GP2 to F2: what does it mean?

2017 FIA Formula 2 Round 1.
Bahrain International Circuit, Sakhir, Bahrain.
Saturday 15 April 2017.
Charles Leclerc (MCO, PREMA Racing) leads Norman Nato (FRA, Pertamina Arden)
Photo: Zak Mauger/FIA Formula 2.
ref: Digital Image _W6I0209

 

To many, it may have seemed like a rather rushed decision to transform the GP2 Series into the FIA Formula 2 Championship, but this was a move that was just waiting to happen for years.

Though the newly formed series technically represents a new category of single seater racing, there is not much that sets it apart from the former GP2 series. The championship has retained almost all the hallmarks of its predecessor, right down to the name of the year’s chassis: GP2/11. The change was only announced in March, and with the first round of the championship taking place in April, that meant there was little time to implement anything beyond the change in name. But even this itself will have, and has had, a sizeable impact on the image of the category.

For someone unfamiliar with junior categories of motorsport, it would have been unclear where GP2 sat on the single seater ladder. The Formula 2 (or F2) moniker however, makes it abundantly clear that this represents the very peak of the junior categories, sitting just one rung below Formula 1. While GP2 was always meant to represent this, the acquisition of the new name is a step in the right direction for the category in gaining the recognition it needs.

2017 FIA Formula 2 Round 1.
Bahrain International Circuit, Sakhir, Bahrain.
Saturday 15 April 2017.
Norman Nato (FRA, Pertamina Arden) leads Charles Leclerc (MCO, PREMA Racing)
Photo: Zak Mauger/FIA Formula 2.
ref: Digital Image _W6I0306

The other change that has already come into effect is the affiliation of F2 with the FIA.

This is the most important aspect regarding the integration of Formula 2 into the FIA Global Pathway – the official name for the road laid out by the federation that aims to take a driver from karting all the way to Formula 1. It has long been a project of FIA President Jean Todt to create an efficient and complete pyramid for single seater racing, and he described the creation of Formula 2 as “a very important step” in this process.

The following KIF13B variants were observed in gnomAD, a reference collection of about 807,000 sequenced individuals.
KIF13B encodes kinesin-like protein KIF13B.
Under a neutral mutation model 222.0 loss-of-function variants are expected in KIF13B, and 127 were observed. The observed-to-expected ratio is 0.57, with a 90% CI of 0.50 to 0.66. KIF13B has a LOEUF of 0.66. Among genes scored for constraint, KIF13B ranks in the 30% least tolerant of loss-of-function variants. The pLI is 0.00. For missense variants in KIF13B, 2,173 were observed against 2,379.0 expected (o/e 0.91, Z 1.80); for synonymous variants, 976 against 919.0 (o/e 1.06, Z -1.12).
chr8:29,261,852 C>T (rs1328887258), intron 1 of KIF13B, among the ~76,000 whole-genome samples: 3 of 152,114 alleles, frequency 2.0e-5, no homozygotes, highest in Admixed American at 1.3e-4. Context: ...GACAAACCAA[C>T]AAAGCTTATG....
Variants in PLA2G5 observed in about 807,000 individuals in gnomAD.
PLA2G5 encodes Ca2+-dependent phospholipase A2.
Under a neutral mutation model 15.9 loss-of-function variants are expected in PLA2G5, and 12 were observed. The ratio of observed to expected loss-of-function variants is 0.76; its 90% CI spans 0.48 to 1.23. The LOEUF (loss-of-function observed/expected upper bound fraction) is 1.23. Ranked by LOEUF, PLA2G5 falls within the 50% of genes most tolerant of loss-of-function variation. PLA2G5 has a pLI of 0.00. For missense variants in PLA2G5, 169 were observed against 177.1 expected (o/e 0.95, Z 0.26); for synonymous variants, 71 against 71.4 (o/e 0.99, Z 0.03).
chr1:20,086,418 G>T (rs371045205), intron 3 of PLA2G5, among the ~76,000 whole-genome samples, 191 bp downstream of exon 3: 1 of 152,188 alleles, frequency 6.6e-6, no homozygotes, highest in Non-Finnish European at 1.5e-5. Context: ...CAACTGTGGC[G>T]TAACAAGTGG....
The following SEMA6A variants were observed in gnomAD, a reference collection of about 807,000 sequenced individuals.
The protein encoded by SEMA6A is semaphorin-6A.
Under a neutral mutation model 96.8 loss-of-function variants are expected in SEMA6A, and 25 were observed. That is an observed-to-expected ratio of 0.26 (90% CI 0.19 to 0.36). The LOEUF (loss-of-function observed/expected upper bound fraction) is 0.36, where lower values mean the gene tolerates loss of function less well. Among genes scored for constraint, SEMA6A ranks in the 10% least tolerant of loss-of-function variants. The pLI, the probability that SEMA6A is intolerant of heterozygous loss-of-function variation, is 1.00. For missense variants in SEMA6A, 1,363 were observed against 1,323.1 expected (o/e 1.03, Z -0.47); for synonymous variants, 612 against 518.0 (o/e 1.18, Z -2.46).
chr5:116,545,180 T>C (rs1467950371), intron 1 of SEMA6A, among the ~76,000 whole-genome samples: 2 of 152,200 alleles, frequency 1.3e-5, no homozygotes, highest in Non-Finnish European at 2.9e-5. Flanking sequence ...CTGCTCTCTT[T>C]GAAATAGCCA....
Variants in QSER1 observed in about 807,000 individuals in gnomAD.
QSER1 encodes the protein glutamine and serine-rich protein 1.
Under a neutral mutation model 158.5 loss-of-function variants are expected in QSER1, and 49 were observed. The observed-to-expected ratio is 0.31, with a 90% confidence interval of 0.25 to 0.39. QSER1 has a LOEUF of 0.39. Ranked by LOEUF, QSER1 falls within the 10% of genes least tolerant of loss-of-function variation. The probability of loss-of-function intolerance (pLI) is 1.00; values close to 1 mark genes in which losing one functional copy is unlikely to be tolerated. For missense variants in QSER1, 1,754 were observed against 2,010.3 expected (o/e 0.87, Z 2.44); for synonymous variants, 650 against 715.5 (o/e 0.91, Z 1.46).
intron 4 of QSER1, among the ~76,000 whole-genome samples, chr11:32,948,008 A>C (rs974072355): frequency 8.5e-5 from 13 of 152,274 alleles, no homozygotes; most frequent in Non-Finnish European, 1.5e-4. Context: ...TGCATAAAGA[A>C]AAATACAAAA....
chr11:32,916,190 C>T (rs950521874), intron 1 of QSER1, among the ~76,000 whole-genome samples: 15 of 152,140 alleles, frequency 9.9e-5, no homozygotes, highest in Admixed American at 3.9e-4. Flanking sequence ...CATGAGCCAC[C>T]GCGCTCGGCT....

No doubt, this particular move was enabled by the takeover of the Formula One Group by Liberty Media. The GP2 Series was the brainchild of Bernie Ecclestone and Flavio Briatore, so with Ecclestone ousted, it made it far easier to pull GP2 into the mainstream.

New CEO of the Formula One Group Chase Carey has previously stated that strengthening junior motorsport categories was a priority for Liberty Media, and this move was most likely the first step in that mission. FIA affiliation will go a long way in ensuring the longevity of Formula 2 as well as bolstering its reputation.

2017 FIA Formula 2 Round 1.
Bahrain International Circuit, Sakhir, Bahrain.
Saturday 15 April 2017.
Antonio Fuoco (ITA, PREMA Racing)
Photo: Zak Mauger/FIA Formula 2.
ref: Digital Image _W6I0276

These are only the first steps in what will probably transpire to be a total overhaul of the Formula 2 championship. There is no doubt that we will see more changes to the series before the 2018 season, when there is more time over the winter break to set about restructuring and reorganising.

Next season expect the cars to be remodelled so that they reflect the new regulations that have been introduce in Formula 1 this season. Last year, the cars were very similar in the two categories, but with the wider, lower degradation tyres and new aero regulations introduced in F1 the difference has become substantial. If Formula 2 is to act as preparation for the very pinnacle of motorsport, then the gulf between the two categories will need to be closed.

The implication of this announcement is that it places a very large question mark over the future of GP3, which will return in Barcelona to begin its 2017 season. Is there really room for the series in this perfectly planned pathway that Todt and the FIA have envisioned? With Formula 3 and Formula 4 fully supported by the FIA, and already well established in their own right, it is difficult to see where GP3 could fit in.

There have already been signs pointing towards uncertainty surrounding the GP3 Series, with race winner Jake Hughes opting to switch to Formula 3 for the 2017 season. Traditionally, this would be seen as a step down, but with F3 and F4 quickly becoming the more attractive categories for young drivers, it’s a move that makes sense. Don’t be too surprised if by the end of the year we see the scrapping of this particular support series

The formation of the new Formula 2 championship might just have saved it from this stagnation, and secured its future.

Georgia Beith, F2 Correspondent

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